I freelance as a staff writer, as well as own my personal blog Frugal Confessions. For the 20-30 hours that I spend each week working on my writing and on blogging (commenting, tweaking the look of my blog, security backups, plugins, widgets, glitches…the task list of keeping a blog running smoothly could go on and on as Madison well knows) I am able to take a home office tax deduction as one of my self employed tax deductions. What a blessing! Not only for the tax deduction, but also because it indicates that I am making money from the pursuit of my passions: writing and frugality.
Home Office Deduction
I figured out that approximately 12% of our home is dedicated to my office, a room that has no other purpose but to help me create. This was done through taking a tape measure of my office, then dividing that square footage by the square footage of our home. This means that 12% of our mortgage interest we have paid, property taxes, utility, etc. can all be deducted from my business income if I use a home office tax deduction.
For the last two tax years I have taken advantage of this home office tax deduction. After all, I am genuinely using a home office for my blogging and writing business, and this is a great tax write-off against the income I have pulled in. However, somewhere along the way over the last two years I browsed an article or two discussing the possible tax implications and consequences of deducting a home office when/if we are ready to sell our home. We are in our dream home with plenty of space for just the two of us, or for a large family if we decide to go this route. But these articles have raised my suspicion of this tax deduction. I claimed it on my 2011 taxes and have even submitted these before diving into the ins and outs of the home office, but thought it was about time that I educate myself and others on the possible tax consequences involved.
From what I’ve researched, by claiming a home office tax deduction, you are re-categorizing part of your home as a business property. As such, you are taking a depreciation of the business asset (part of your home) and getting a tax advantage from this. Here’s a breakdown of this as a potential tax consequence:
Capital Gains Exclusion for the Selling of a Residential Property
Typically, the first $250,000 in profits realized from a primary residence upon sale is not taxed by the IRS (the limit increases to $500,000 if your filing status is married, filing jointly). In order to exclude the $250,000 from being taxed, you must meet an ownership test, a use test, and you cannot have excluded gain from the sale of another home for the last two year period from the date of settlement.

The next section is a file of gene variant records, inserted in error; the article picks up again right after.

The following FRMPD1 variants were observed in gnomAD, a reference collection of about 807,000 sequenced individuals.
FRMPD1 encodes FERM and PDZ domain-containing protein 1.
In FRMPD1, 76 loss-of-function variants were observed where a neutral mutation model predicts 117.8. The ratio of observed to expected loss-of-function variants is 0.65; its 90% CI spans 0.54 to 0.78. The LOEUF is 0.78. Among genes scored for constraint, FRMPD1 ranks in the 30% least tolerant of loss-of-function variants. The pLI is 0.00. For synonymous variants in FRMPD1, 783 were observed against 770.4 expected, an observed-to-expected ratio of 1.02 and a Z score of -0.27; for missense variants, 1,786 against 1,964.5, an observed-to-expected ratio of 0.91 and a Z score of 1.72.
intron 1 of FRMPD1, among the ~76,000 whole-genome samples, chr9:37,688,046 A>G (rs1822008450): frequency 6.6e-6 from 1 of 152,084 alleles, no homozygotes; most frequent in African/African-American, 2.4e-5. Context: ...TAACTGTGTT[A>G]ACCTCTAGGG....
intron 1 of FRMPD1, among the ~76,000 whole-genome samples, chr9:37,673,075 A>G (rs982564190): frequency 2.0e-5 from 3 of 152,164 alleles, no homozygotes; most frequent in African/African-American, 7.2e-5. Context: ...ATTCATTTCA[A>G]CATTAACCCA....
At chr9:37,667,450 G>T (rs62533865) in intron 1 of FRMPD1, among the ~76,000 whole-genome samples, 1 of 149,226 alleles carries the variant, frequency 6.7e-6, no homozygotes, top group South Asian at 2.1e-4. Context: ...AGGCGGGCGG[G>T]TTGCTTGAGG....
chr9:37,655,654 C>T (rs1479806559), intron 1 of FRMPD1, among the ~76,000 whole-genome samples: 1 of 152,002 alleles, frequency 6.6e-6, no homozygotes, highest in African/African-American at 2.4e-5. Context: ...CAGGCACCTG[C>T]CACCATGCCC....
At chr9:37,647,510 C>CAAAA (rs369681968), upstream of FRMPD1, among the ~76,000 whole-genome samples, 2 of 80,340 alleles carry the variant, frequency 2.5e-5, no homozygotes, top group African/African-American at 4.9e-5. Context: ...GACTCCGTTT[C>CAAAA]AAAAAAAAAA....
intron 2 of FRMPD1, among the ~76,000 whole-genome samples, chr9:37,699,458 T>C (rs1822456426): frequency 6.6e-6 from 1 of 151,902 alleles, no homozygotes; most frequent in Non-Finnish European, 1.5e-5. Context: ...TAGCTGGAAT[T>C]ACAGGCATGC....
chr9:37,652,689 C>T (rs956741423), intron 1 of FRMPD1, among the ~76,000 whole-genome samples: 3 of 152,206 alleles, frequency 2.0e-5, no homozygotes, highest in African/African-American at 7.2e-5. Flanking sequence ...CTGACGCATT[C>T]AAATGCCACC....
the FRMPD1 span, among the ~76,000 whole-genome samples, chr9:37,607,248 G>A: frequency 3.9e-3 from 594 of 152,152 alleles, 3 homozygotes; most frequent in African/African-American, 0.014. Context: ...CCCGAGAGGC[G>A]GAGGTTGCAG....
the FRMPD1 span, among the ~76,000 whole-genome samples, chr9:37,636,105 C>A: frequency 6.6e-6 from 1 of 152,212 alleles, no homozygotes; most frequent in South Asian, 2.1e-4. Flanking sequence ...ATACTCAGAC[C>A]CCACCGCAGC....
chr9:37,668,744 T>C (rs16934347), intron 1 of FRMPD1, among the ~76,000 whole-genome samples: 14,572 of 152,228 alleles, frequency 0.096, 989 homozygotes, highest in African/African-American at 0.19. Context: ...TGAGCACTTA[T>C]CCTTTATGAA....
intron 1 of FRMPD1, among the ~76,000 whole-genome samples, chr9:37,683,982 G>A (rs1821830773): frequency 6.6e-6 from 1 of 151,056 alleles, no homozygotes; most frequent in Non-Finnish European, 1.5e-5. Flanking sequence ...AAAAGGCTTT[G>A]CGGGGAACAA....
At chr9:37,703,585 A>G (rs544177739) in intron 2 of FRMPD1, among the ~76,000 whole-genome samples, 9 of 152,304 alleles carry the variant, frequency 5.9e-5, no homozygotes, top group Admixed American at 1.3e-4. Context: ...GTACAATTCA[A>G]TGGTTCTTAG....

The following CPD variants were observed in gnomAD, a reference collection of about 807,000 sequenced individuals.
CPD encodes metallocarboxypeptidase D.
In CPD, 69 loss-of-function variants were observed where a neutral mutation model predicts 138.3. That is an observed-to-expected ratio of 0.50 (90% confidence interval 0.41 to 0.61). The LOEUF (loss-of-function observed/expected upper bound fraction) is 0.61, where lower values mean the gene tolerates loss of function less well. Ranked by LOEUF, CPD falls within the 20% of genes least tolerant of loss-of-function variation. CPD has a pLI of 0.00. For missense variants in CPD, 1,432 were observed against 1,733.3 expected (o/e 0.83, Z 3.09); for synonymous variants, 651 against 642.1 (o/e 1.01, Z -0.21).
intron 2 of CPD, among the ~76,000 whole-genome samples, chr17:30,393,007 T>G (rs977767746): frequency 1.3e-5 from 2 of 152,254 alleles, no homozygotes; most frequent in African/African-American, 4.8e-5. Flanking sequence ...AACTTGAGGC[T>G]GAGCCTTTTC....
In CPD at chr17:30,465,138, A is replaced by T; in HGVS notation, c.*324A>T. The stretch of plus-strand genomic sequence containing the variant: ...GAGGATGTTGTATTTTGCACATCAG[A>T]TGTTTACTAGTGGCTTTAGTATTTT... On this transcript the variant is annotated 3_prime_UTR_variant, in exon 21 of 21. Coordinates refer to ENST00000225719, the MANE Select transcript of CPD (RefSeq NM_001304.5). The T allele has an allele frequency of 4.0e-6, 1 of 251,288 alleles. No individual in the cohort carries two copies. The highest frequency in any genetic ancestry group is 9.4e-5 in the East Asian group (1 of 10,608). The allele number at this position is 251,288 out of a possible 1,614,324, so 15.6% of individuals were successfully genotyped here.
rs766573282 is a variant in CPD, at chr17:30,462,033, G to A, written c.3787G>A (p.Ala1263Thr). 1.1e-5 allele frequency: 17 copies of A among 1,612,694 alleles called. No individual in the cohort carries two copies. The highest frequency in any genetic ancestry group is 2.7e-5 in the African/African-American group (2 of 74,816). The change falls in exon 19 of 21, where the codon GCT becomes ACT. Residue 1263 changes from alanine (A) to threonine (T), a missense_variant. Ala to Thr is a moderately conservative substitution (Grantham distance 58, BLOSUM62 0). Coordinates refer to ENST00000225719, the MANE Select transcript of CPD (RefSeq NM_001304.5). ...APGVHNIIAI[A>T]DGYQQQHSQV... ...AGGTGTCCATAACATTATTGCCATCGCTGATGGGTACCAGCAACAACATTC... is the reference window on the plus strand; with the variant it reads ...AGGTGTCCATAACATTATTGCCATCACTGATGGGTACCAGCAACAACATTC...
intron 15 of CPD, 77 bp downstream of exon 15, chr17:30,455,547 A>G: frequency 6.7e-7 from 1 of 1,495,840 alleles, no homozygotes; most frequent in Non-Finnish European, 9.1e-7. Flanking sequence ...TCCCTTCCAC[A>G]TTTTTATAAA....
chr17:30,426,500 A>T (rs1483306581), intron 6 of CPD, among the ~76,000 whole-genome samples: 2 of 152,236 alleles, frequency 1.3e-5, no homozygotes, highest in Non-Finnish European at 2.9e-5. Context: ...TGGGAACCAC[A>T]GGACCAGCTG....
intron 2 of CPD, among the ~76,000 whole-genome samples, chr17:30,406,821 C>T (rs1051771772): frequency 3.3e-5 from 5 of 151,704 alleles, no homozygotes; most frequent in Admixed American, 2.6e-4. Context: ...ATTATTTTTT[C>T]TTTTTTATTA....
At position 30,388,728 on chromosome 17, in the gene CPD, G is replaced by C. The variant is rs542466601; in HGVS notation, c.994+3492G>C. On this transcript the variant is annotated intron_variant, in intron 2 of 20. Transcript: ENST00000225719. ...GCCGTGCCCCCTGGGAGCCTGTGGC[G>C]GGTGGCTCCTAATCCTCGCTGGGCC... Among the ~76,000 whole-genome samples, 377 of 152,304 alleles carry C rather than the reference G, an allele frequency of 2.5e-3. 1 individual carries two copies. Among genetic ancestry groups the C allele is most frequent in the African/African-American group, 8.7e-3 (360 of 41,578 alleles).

Recapturing Home Depreciation through Taxes
If part of the home was used for business purposes and reported this way on taxes, then the depreciation must be recaptured when figuring out the tax on the sale of the property. This is because when you take depreciation on something, it means the value has lowered over time. And you are allowed to deduct this depreciation on your home if you use it for business purposes. However, if you then sell the home for a profit, it means that the asset actually never depreciated. So the tax savings to you over the years must be recaptured from the profit of the sale.
The tax rates on the recapture are different than the regular tax rates that apply to the rest of your income. The maximum tax rate for this depreciation taken on the home is 25%, though there is a table that will help with figuring out your own tax rate on the recapturing of the depreciated value taken over the years. To figure the tax rate on recapture of depreciation, you can use the worksheets included in the IRS instructions for Schedule D.
By deducting the home office, you reap some tax savings now. But it appears that you will owe taxes on part of your home’s sale price because aside from the last few years that have devalued home properties substantially, homes generally increase in value rather than decrease in value. If you sell your property at a profit, the depreciated portion that was deducted over the years will need to be recaptured, and it will be taxed at a maximum of 25%. Another nice thing I found out by researching this is that you do not “forfeit” any of the other deductions made over the years (such as mortgage interest and property taxes) when you sell your home.
I have decided that it is still worth it for me to claim a home office deduction, and am quite happy to understand the tax consequences of this decision instead of worrying about them.